December 04, 2023: Listen to Indigenous voices! Indigenous podcasts have emerged as a tool to decolonize the airwaves.

With the rise of technology, digital media has become a medium for the creation and dissemination of Indigenous oral traditions through podcasting. Podcasts developed and hosted by Indigenous people aim to reclaim oral traditions and celebrate stories from an Indigenous perspective. Driven by the desire of Indigenous peoples to assume agency over their representation, Indigenous podcasts have emerged as a tool to decolonize the airwaves. This week in the mentoring circle, we examine how podcasting allows Indigenous stories to be broadcast worldwide in a way that gives Indigenous peoples more agency, flexibility, and creative liberties that consequently challenge colonial legacies and stereotypical representations within them. Indigenous podcasting is not just a medium; it is a catalyst for change, empowerment, and cultural resurgence.

In the ever-evolving landscape of digital storytelling, Indigenous podcasting stands out as a transformative force, providing a unique platform for Indigenous voices to be heard. Podcasting grants Indigenous communities agency in storytelling, allowing them to dictate their narratives. This agency is crucial in challenging historical misrepresentations and fostering a deeper understanding of Indigenous cultures. Indigenous podcasts are reclaiming the narrative by sharing stories of resilience, identity, and cultural richness. Podcasting emerges as a tool that not only preserves oral traditions but also empowers Indigenous peoples to resist systems of oppression. For example, The Henceforward is a podcast that started as part of a graduate course called Decolonization, Settler Colonialism and Antiblackness taught by Dr. Eve Tuck at OISE. It considers relationships between Indigenous Peoples and Black Peoples on Turtle Island — click on the image to learn more. 

The intersection of digital media, podcasting, and Indigenous storytelling, has made content as numerous and varied as the Indigenous communities represented. New Journeys created a list of 11 Indigenous podcasts for your listening pleasure, the list covers a wide range of Indigenous podcasters putting out ground-breaking content for your heart and soul. From issues of representation in mainstream media with All My Relations to creating space for Indigenous resurgence by disrupting colonial systems with 2 Crees in a Pod, you can find Indigenous podcasts about everything. My all-time favourite episodes are a feature of botanist and member of the Citizen Potawatomi Nation, Robin Wall Kimmerer on On Being with Krista Tippett talking about The Intelligence of Plants and Episode 6 of the All My Relations Podcast called Indigiqueer which joined forces with two amazing Indigenous queer writers, Joshua Whitehead and Billy-Ray Belcourt.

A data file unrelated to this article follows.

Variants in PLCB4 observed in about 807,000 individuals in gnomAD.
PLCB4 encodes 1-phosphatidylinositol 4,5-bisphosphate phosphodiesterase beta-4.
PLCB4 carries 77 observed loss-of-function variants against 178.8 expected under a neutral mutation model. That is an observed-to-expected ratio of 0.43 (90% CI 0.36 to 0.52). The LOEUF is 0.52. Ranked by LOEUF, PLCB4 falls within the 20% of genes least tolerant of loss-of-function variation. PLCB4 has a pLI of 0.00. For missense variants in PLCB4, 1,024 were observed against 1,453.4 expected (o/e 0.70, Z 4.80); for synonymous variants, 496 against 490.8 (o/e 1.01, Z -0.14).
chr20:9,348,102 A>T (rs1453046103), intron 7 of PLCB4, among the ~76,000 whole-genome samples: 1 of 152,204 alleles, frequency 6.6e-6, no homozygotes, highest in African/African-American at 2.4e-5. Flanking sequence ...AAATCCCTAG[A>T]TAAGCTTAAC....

Indigenous Teacher Candidates enrolled in NITEP’s Cariboo Field Centre also created, developed and published a series of podcasts that are being featured on NITEP’s website through the Grease Trail Digital Storytelling project. The podcasts consider the importance of Indigenous storytelling and explore land-based teaching strategies for creating digital storytelling resources. The Grease Trail Digital Storytelling project is a land-based experiential learning opportunity for Indigenous pre-service teachers in rural communities of north-central BC, to engage in traditional Indigenous storytelling practices in digital teaching and learning contexts. Go to the Grease Trail Digital Storytelling website and take a moment to listen to seven podcasts created by NITEPers, ranging from 6 to 18 minutes in duration and produced on unceded territories of  Tŝilhqot’in, Dakelh, and Secwépemc First Nations.

Red Man Laughing is an Indigenous podcast hosted, created and produced by Anishinaabe comedian Ryan McMahon. Ryan’s storytelling comedy style is fast-paced, loose & irreverent. In an episode from season 3 of the Red Man Laughing podcast, Ryan McMahon takes you into the world of podcasting with a “How To Podcast” adventure. He gets asked all the time about how someone can get started podcasting and the answer is quite simple – start recording yourself. Listen to this podcast episode to learn the ins and outs of podcasting as he covers the basics of “How To Podcast” by focusing on 5 essential elements:

  • The w 5 – who, what, where, when, why, how.
  • Equipment/gear
  • Website & Publishing
  • RSS feeds & Subscribers
  • Creating the show – formats, lengths & more

The essential how-to podcast is this: plan to record something, record something, publish what you’ve recorded with a podcast host (with an RSS feed), post what you’ve recorded on a website or websites, promote & cross-promote what you’ve recorded on social media, blogs, websites & email newsletters and repeat.

Since the colonization of Turtle Island, Indigenous peoples were treated as if the absence of written documentation, in favour of oral storytelling, nullified their knowledge and worldviews. The oral methods Indigenous peoples used to record stories and pass down knowledge through generations faced erasure due to assimilation policies that sought to indoctrinate Indigenous children. For Indigenous peoples to govern themselves, they must govern their stories and the ways of telling those stories; podcasting allows this to happen. Through the rising trend of Indigenous podcasting, Indigenous peoples have the power to expand the limits of technology and shape the way are represented. As we immerse ourselves in the diverse world of Indigenous podcasts, we embark on a journey of shared humanity and appreciation for the strength of Indigenous voices.

From Indigenous Podcasting: resisting the colonial paradigm (Taylor Mitchell, 2017).